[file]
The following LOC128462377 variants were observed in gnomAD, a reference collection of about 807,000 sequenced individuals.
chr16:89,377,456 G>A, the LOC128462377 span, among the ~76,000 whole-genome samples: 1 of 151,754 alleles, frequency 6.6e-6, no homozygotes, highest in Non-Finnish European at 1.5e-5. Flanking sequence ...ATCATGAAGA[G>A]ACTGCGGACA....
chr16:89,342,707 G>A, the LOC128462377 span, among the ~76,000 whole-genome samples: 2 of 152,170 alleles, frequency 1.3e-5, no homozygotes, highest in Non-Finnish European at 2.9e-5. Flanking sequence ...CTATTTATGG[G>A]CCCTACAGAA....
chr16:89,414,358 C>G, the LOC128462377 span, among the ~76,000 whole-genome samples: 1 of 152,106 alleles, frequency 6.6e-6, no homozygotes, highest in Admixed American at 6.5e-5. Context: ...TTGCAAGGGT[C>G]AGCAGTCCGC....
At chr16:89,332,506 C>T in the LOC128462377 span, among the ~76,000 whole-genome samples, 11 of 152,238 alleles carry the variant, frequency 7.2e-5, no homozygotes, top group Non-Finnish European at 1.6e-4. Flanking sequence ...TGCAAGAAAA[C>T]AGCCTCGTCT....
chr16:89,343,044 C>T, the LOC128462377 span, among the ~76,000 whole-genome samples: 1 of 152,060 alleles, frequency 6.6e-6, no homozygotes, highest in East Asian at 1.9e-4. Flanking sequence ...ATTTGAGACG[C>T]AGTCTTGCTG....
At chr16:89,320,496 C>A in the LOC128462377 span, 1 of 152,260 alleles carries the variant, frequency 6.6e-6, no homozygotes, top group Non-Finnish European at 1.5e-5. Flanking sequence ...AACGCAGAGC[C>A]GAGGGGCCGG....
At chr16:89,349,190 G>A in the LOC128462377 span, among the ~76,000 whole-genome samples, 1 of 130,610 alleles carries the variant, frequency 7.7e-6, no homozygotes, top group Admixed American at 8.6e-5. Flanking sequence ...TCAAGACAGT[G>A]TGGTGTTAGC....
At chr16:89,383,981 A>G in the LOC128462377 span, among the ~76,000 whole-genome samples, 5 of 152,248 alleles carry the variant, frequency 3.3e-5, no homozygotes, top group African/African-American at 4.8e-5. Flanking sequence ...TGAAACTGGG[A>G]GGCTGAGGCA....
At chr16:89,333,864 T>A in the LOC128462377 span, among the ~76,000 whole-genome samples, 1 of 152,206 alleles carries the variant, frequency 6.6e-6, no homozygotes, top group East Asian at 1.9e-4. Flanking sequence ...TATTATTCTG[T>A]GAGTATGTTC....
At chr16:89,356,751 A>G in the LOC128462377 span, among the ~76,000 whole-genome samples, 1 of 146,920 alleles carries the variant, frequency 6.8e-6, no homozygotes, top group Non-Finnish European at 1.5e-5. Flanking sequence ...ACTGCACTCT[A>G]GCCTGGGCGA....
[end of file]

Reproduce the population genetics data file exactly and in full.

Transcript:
The following LOC128462377 variants were observed in gnomAD, a reference collection of about 807,000 sequenced individuals.
chr16:89,377,456 G>A, the LOC128462377 span, among the ~76,000 whole-genome samples: 1 of 151,754 alleles, frequency 6.6e-6, no homozygotes, highest in Non-Finnish European at 1.5e-5. Flanking sequence ...ATCATGAAGA[G>A]ACTGCGGACA....
chr16:89,342,707 G>A, the LOC128462377 span, among the ~76,000 whole-genome samples: 2 of 152,170 alleles, frequency 1.3e-5, no homozygotes, highest in Non-Finnish European at 2.9e-5. Flanking sequence ...CTATTTATGG[G>A]CCCTACAGAA....
chr16:89,414,358 C>G, the LOC128462377 span, among the ~76,000 whole-genome samples: 1 of 152,106 alleles, frequency 6.6e-6, no homozygotes, highest in Admixed American at 6.5e-5. Context: ...TTGCAAGGGT[C>G]AGCAGTCCGC....
At chr16:89,332,506 C>T in the LOC128462377 span, among the ~76,000 whole-genome samples, 11 of 152,238 alleles carry the variant, frequency 7.2e-5, no homozygotes, top group Non-Finnish European at 1.6e-4. Flanking sequence ...TGCAAGAAAA[C>T]AGCCTCGTCT....
chr16:89,343,044 C>T, the LOC128462377 span, among the ~76,000 whole-genome samples: 1 of 152,060 alleles, frequency 6.6e-6, no homozygotes, highest in East Asian at 1.9e-4. Flanking sequence ...ATTTGAGACG[C>T]AGTCTTGCTG....
At chr16:89,320,496 C>A in the LOC128462377 span, 1 of 152,260 alleles carries the variant, frequency 6.6e-6, no homozygotes, top group Non-Finnish European at 1.5e-5. Flanking sequence ...AACGCAGAGC[C>A]GAGGGGCCGG....
At chr16:89,349,190 G>A in the LOC128462377 span, among the ~76,000 whole-genome samples, 1 of 130,610 alleles carries the variant, frequency 7.7e-6, no homozygotes, top group Admixed American at 8.6e-5. Flanking sequence ...TCAAGACAGT[G>A]TGGTGTTAGC....
At chr16:89,383,981 A>G in the LOC128462377 span, among the ~76,000 whole-genome samples, 5 of 152,248 alleles carry the variant, frequency 3.3e-5, no homozygotes, top group African/African-American at 4.8e-5. Flanking sequence ...TGAAACTGGG[A>G]GGCTGAGGCA....
At chr16:89,333,864 T>A in the LOC128462377 span, among the ~76,000 whole-genome samples, 1 of 152,206 alleles carries the variant, frequency 6.6e-6, no homozygotes, top group East Asian at 1.9e-4. Flanking sequence ...TATTATTCTG[T>A]GAGTATGTTC....
At chr16:89,356,751 A>G in the LOC128462377 span, among the ~76,000 whole-genome samples, 1 of 146,920 alleles carries the variant, frequency 6.8e-6, no homozygotes, top group Non-Finnish European at 1.5e-5. Flanking sequence ...ACTGCACTCT[A>G]GCCTGGGCGA....